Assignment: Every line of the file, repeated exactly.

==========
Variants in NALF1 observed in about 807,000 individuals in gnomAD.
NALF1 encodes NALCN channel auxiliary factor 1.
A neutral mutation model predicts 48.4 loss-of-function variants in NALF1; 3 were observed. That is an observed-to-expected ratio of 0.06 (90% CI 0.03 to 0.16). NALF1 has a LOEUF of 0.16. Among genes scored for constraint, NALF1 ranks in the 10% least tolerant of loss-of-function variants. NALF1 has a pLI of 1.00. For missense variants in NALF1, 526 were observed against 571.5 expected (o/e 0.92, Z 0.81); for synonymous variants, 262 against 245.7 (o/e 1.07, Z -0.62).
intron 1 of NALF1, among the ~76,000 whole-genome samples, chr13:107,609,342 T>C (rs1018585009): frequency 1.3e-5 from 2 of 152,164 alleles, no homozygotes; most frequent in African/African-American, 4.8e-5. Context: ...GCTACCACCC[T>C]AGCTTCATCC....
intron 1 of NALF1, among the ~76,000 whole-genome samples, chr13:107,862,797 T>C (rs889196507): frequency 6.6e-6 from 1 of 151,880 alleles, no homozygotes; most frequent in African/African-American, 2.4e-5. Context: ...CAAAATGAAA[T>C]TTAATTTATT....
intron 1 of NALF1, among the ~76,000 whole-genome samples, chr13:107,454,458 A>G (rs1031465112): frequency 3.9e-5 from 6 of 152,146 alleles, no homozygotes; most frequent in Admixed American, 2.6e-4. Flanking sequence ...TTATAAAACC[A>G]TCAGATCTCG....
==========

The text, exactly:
Variants in NALF1 observed in about 807,000 individuals in gnomAD.
NALF1 encodes NALCN channel auxiliary factor 1.
A neutral mutation model predicts 48.4 loss-of-function variants in NALF1; 3 were observed. That is an observed-to-expected ratio of 0.06 (90% CI 0.03 to 0.16). NALF1 has a LOEUF of 0.16. Among genes scored for constraint, NALF1 ranks in the 10% least tolerant of loss-of-function variants. NALF1 has a pLI of 1.00. For missense variants in NALF1, 526 were observed against 571.5 expected (o/e 0.92, Z 0.81); for synonymous variants, 262 against 245.7 (o/e 1.07, Z -0.62).
intron 1 of NALF1, among the ~76,000 whole-genome samples, chr13:107,609,342 T>C (rs1018585009): frequency 1.3e-5 from 2 of 152,164 alleles, no homozygotes; most frequent in African/African-American, 4.8e-5. Context: ...GCTACCACCC[T>C]AGCTTCATCC....
intron 1 of NALF1, among the ~76,000 whole-genome samples, chr13:107,862,797 T>C (rs889196507): frequency 6.6e-6 from 1 of 151,880 alleles, no homozygotes; most frequent in African/African-American, 2.4e-5. Context: ...CAAAATGAAA[T>C]TTAATTTATT....
intron 1 of NALF1, among the ~76,000 whole-genome samples, chr13:107,454,458 A>G (rs1031465112): frequency 3.9e-5 from 6 of 152,146 alleles, no homozygotes; most frequent in Admixed American, 2.6e-4. Flanking sequence ...TTATAAAACC[A>G]TCAGATCTCG....